2. There are so many political-factological-musical - and so on... delusions in the comments around
"Back in the U.S.S.R" song, that a Russian (former Soviet) cannot but step into discussions. 3.
Think it should really surprise: is it 2007 or still 1968 (when this song was composed). Anyway
I can completely back Mr Dirk from Nashville, TN, who underlines that "after three decades it
(this song)still kicks". 4. And the latter is really a reply to all those who name this song as
"ordinary". It might be not the best Beatles song, but the fact that there are so many comments
proves that this song makes us all ponder over. 5. Now, let us go position by position. A. Politics.
Very interesting to come across "Czechoslovakia events, Soviet Federated Socialist Republic of
Georgia (the latter never existed - it was Georgian Soviet Socialist Republic), Stalin and Khruschev
policies, I'm backin Britain" (not U.K. -!) campaign and many more of this type. Personally, I
do not think that Paul or John could even go so deep into politics - there are no any proving
indications of them being involved into politics, except for John's "We are now bigger than Jesus
Christ" (1966, John was only 26). Later in "The Revolution" (1968, students movement in France,
etc) John was singing - "But when you talk about destruction, Don't you know that you can count
me out... But when you want money for people with minds that hate All I can tell is brother you
have to wait... you go carrying pictures of chairman Mao... You better free you mind instead"
- so, no real participation in all that sort of action... It was only after The Betles split,
that John sang about "The Working class hero is something to be..." and Paul reminding "Give Ireland
back to the Irish". So, finally, "Back in the USSR" could hardly be a campaigning song to promote
the USSR, or any deep political hints... rather the Beatles used a catching word-combination (The
Union of Soviet Socialist Republics, which they NEVER visited) to promote THEIR OWN new
album, and this was quite a normal thing to sustain at the musical market of that time. But
yes, of course, there are some intricate things: remember when Paul stumbles, singing Back in
U.S., Back in U.S.,, Back in U.S.S.R.? Is that not a specific hint? Or as Mr Blake, Kennesaw,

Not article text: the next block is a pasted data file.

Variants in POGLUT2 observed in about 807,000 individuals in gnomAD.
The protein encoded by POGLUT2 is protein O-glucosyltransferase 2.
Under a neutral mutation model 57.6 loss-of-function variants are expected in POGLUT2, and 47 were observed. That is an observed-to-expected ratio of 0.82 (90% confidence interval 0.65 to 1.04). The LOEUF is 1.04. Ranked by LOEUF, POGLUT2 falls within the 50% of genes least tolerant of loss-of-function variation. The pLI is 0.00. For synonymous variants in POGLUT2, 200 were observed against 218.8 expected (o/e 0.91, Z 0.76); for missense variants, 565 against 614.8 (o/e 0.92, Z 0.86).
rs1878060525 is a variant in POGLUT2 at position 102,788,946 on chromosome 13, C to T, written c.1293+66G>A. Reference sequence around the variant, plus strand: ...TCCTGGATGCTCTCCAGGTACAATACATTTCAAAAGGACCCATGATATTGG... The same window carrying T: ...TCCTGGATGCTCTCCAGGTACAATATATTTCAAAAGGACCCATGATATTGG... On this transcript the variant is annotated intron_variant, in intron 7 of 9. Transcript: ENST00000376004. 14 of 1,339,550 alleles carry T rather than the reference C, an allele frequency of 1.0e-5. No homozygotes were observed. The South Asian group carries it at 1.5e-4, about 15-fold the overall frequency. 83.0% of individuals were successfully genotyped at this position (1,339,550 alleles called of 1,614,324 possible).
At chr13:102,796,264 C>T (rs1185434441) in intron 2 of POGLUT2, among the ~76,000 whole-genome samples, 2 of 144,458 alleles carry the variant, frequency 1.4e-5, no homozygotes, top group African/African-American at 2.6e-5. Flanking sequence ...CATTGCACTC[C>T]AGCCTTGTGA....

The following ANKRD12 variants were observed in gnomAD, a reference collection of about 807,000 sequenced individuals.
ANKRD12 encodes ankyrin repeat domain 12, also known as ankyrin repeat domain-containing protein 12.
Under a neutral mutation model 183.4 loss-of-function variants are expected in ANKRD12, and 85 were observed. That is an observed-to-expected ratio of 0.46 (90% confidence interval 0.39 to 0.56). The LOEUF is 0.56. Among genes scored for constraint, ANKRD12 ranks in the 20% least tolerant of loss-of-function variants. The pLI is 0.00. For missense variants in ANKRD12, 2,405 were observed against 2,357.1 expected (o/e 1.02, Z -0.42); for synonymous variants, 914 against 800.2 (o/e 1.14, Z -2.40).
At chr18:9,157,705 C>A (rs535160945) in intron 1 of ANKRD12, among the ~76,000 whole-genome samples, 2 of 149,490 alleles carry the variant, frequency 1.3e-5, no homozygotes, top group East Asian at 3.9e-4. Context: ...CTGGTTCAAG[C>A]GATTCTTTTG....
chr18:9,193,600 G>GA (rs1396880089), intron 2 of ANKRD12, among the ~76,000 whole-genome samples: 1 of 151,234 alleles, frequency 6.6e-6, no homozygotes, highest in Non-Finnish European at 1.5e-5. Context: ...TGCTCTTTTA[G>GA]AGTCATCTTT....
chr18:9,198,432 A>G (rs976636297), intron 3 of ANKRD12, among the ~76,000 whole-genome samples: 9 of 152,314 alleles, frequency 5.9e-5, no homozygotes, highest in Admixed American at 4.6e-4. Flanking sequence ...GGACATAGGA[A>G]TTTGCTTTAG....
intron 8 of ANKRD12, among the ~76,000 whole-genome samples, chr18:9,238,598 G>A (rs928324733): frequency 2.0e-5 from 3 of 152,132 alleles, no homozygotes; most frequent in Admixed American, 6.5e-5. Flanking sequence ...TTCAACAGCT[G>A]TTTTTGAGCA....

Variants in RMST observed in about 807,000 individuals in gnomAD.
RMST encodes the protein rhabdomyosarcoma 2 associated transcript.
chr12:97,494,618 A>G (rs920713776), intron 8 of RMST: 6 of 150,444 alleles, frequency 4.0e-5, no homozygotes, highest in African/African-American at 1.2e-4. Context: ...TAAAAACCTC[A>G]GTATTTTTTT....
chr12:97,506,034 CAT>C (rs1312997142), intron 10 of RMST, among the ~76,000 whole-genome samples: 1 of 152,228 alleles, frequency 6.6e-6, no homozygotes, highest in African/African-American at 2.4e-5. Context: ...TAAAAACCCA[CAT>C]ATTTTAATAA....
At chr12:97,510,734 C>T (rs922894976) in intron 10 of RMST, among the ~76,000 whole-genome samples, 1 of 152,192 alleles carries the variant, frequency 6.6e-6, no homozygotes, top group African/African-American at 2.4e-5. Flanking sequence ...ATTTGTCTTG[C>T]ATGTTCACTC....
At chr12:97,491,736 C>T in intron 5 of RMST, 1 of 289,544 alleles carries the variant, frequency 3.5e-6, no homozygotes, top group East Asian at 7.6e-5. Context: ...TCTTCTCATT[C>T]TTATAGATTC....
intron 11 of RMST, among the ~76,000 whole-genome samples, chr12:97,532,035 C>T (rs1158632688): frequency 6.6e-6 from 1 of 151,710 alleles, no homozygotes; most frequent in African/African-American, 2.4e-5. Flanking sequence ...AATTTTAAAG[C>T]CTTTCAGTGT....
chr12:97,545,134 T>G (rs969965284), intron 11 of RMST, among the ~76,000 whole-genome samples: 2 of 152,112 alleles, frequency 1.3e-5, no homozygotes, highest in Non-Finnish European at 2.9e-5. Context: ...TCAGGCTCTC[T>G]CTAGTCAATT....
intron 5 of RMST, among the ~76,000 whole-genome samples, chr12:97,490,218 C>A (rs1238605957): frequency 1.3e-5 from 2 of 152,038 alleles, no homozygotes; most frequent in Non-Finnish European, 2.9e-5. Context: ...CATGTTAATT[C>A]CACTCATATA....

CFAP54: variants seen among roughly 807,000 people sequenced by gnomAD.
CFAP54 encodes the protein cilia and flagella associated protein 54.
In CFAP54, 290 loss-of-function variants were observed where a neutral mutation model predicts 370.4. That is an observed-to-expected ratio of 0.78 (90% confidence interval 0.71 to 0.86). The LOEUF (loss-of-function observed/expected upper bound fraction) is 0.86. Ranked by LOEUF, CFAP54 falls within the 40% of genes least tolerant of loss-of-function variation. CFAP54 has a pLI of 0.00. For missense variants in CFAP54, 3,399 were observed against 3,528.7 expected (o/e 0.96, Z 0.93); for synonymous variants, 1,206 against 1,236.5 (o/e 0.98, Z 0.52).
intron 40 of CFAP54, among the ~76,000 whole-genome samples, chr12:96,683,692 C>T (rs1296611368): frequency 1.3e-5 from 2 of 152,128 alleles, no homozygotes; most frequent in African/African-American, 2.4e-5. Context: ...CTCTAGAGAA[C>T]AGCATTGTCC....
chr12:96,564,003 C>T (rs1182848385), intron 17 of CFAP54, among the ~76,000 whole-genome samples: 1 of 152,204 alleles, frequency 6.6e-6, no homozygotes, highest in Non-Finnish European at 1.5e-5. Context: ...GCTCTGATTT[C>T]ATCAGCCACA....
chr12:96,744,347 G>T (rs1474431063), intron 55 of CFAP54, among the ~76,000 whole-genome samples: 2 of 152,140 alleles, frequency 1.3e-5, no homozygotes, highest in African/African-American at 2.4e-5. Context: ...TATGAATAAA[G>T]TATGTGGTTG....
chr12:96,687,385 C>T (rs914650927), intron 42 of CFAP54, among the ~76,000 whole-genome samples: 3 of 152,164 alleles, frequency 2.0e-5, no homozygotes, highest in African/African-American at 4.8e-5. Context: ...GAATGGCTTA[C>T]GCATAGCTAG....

GA, USA pin points: "satirical, poking fun at Western culture/greed, whatever, while emphasizing
the plight of citizens under communism (You don't know how lucky you are, boys.)". Very symbolic
observation of Mr Blake. We can add - as very many things with the Beatles and all the British
humour: ambiguity (like backing Britain - backin' USSR, who knows? By the way why "in", and not
"to"?!). B. Facts. - In the beginning I would definitely omit all that stuff concerning unprintable
words ostensibly used by Paul. Just bs. The Beatles were brilliant enough in expressing themselves
to the world without this kind of lexics. - I do not know whether any of The Beatles songs were
banned in the US, but to be exact - The Beatles were NOT banned officially in the USSR. Still,
one could not find their
music at the shops, only for a few exclusions, like "Girl" (with the indication, that it was
a folklore song!!), or a poor edition of "Can't buy me love" or "Lady Madonna"(the songs that
critisize capitalism). In the late 60s - early 70s there was also a very popular political
TV programme "America in the object-glass", shown at the prime-time on the First Governmental
TV channel. And the opener for the programme was "Can't buy me love" with the most important "Much
for money". (In fact, absolutely correct.). Anyway, The Beatles LPs were not "for sale" officially,
but all those who wanted to get their music - did it. Of course not at the extent the fans would
love to. - One more important fact. I do not know how Paul came to know about all these things
(maybe from Linda, whos distant origin was from Russia), but he was absolutely correct stating
that the Ukrainian girls leave the West behind, and how specific are Moscow babes... I wonder
why he is mentioning Georgian ones - nothing to be compared to the Ukrainian ones... And what
is final: we all can discuss a lot what Paul and his friends thought when composing this song,
but the only truth could come from Paul (Sir Paul McCartney). If he would wish to do so.
- M.Yurlov, Sevastopol, Other
|P.S. I would like to ask your WEB-master why there is
no Russia, Ukraine or at least the USSR (CIS) in the list? If you mark Russia as "other", then
there is not much to say
- M.Yurlov, Sevastopol, Other
|What the heck is a "Miami BOAC"? Something to do with
- Alan, Milwaukee, WI
|The campaign was not "I'm backing the UK", it was "I'm
backing Britain" and there was a Labour (socialist) government at the time, not a Conservative
one. And I've got a feeling that this song was written by the beatles
- John, Grantham, England
|"the Ukraine girls really knock me out, they leave the
West behind" - I am from Ukraine, I fully agree with John Lennon ;))
- Dmytro, Kharkiv, Other - Europe
|I think it's a great song. At first I thought it was the
Beach Boys but then not.
- krissy, Boston, MA
|I had a social studies teacher this past year who loved
the Beatles and Europe. He played this song alot. When I hear this song on my Ipod, I always think
of it as a tribute to my favorite teacher.
- Michelle Harris, Littleton, CO
|Hah.. thats funny I always thought this sounded like a
beach boys song. Anyways, great tune.
- Poop, Poopville, MO
|GREAT SONG I LOVE IT! When they sing about the girls,
it confused me at first. I was listening 2 it on my mp3, and I thought it skipped to a Beach Boy
song! LOL LOL
- Krista, Elyria, OH
|Anyone who interprets this song as pro-Soviet isn't thinking
straight. The Beatles were no friend of the USSR--their music was banned there! The main underlying